Tasmanian devils born in Australia for the first time in 3,000 years

An adult Tasmanian devil, Sarcophilus harrisii, carnivorous marsupial in it’s natural habitat

The Tasmanian devil (Sarcophilus harrisii) is a carnivorous marsupial, well known to be highly aggressive and territorial. Until recently the species was indigenous only to the Island of Tasmania, but efforts to reintroduce the devil to mainland Australia have finally paid off with 7 joeys born at the end of last month at the Barrington Wildlife Sanctuary in New South Wales.

The Tasmanian devil, the size of a Jack Russell Terrier, became the largest carnivorous marsupial in the world, following extinction of the Thylacine in 1936.

With its muscular physique, pungent odour, loud screech and an excellent sense of smell, the Tasmanian devil is a formidable predator with one of the strongest bites per unit body mass of any predatory land mammal.

The newborn are pink and furless, weighing around 20g at birth. As there are only four nipples in the pouch, the fight for survival is highly competitive and the mortality rate is high. Baby devils rapidly, being ejected from their mother’s pouch at around 100 days, weighing roughly 200g. The young are weaned and are able to feed and fend for themselves after nine months.

Tasmanian devils disappeared on the mainland after being wiped out by pack hunting Dingoes (Australian wild dogs), whilst on Tasmania, there are around 25,000 breeding adults left.

Three baby Tasmanian devils looking for food

The charity, Aussie Ark formed the program nearly 10-years ago to conserve the species and to reintroduce them to the mainland. Aussie Ark’s founded, Tim Faulkner said: ‘We have been working tirelessly for the better part of 10 years to return devils to the wild of mainland Australia with the hope that they would establish a sustainable population”.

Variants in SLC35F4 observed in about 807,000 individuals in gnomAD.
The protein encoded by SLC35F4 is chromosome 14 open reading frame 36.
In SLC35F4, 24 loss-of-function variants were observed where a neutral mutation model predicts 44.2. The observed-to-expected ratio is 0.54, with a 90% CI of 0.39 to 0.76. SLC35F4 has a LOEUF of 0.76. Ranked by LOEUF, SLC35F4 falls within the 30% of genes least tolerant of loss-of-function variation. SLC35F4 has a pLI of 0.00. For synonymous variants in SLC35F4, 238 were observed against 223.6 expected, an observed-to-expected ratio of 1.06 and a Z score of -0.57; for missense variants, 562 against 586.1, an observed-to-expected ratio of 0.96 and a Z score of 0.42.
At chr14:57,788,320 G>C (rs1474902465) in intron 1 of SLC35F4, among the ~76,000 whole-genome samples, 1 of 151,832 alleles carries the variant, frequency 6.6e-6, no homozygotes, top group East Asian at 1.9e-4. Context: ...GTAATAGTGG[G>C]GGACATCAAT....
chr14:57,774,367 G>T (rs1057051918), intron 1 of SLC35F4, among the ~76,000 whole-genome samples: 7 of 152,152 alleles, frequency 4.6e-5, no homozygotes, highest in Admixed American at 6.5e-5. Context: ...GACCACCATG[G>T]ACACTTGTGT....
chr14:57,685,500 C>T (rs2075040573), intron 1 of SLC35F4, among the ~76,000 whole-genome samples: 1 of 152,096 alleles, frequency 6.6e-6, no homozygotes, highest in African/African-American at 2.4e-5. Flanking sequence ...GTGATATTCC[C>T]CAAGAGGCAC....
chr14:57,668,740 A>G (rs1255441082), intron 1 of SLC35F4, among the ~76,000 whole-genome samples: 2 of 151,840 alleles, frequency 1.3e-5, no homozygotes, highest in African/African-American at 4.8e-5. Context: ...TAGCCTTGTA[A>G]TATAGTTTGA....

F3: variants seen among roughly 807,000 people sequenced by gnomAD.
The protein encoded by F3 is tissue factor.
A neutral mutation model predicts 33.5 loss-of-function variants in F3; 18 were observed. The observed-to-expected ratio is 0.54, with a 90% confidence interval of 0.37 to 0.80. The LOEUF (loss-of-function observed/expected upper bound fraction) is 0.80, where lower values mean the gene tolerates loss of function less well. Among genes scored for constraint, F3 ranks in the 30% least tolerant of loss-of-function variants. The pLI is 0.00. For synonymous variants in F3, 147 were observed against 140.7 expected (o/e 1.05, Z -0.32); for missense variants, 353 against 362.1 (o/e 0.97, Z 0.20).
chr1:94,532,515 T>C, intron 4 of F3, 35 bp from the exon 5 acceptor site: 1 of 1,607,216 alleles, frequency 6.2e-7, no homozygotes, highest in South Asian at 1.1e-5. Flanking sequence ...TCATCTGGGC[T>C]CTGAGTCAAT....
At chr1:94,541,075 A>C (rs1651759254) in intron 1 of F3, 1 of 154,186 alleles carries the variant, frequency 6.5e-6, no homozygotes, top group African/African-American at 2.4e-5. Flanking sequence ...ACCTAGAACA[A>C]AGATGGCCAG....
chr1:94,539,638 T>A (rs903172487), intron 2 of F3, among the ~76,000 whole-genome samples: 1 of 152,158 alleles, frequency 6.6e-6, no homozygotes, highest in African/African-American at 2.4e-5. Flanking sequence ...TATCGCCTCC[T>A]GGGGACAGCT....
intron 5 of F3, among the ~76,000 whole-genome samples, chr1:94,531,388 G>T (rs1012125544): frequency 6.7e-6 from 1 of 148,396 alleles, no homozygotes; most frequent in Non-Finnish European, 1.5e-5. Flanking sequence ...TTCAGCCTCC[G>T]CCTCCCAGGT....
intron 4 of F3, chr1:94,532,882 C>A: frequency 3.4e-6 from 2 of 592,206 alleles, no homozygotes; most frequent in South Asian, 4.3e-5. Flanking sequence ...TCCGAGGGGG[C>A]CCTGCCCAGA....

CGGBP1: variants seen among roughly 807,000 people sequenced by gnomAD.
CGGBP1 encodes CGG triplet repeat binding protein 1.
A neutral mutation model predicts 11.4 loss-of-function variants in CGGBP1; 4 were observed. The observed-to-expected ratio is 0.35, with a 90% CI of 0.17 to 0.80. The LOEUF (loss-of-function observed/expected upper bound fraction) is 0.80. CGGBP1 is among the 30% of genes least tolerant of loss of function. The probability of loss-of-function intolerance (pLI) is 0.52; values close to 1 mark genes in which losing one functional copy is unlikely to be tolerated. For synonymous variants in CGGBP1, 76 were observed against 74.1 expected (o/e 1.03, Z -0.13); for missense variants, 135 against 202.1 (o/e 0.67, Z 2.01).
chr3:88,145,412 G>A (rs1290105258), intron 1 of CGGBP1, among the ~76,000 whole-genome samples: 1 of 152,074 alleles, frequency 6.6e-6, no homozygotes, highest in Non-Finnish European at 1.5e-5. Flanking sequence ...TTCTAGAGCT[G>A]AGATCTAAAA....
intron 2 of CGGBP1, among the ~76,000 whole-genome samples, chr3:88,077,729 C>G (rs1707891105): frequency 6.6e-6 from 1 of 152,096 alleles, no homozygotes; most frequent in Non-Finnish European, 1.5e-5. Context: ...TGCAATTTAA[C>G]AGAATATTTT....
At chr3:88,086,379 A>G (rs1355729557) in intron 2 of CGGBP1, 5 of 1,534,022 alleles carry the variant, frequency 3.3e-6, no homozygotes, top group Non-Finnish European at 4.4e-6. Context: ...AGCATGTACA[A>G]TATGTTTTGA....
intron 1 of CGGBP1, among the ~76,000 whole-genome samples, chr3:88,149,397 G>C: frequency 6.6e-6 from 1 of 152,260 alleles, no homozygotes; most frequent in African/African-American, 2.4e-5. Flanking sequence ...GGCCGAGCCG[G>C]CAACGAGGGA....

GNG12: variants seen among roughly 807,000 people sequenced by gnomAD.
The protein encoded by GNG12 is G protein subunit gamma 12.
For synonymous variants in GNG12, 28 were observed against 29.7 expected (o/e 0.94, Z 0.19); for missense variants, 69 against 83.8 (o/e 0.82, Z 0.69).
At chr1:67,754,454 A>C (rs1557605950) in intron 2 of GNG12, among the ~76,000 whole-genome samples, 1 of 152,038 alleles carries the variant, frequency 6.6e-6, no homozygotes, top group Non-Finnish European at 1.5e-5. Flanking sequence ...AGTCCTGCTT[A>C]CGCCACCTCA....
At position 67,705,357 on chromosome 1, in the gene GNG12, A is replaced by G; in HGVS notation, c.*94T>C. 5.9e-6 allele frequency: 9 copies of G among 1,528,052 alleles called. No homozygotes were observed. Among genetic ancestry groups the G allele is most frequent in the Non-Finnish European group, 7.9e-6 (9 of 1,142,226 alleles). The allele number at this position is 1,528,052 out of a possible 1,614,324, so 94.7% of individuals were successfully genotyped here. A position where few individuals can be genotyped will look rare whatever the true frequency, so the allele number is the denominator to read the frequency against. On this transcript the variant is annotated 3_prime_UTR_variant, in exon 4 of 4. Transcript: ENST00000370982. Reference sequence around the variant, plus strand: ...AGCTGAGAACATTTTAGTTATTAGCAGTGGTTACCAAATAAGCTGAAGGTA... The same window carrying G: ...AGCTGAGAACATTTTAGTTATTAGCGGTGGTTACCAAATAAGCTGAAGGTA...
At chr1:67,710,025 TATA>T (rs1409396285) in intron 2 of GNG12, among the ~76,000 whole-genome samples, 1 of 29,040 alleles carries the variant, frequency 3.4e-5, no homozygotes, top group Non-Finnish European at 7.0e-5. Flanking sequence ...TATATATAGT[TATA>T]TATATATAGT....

‘Once they were back in the wild, it was up to them, which was nerve wracking. We had been watching them from afar until it was time to step in and confirm the birth of our first wild joeys. And what a moment it was’

In 1941 the Tasmanian devil became officially protected and ever since, scientists have contended that earlier concerns over the threat to livestock were overestimated and misplaced.

Devils are fully grown at two years of age and few live longer than five years in the wild. The longest-lived Tasmanian devil ever recorded was Coolah, a male, who lived in captivity over 7 years.

Since the late 1990s, the devil facial tumour disease (DFTD) has drastically reduced numbers, threatening survival of the species, which was, from 2008 declared to be endangered.

Programs undertaken by the Government of Tasmania to reduce the impact of the disease include an initiative to build up a group of healthy devils in captivity.

Leonardo di Caprio has joined the campaign to save the devil, with the Hollywood actor announcing a massive donation of $43 million for the conservation initiative last month, joining forces with the charity Re:wild, with it’s mission to conserve and re-introduce endangered wildlife around the world.

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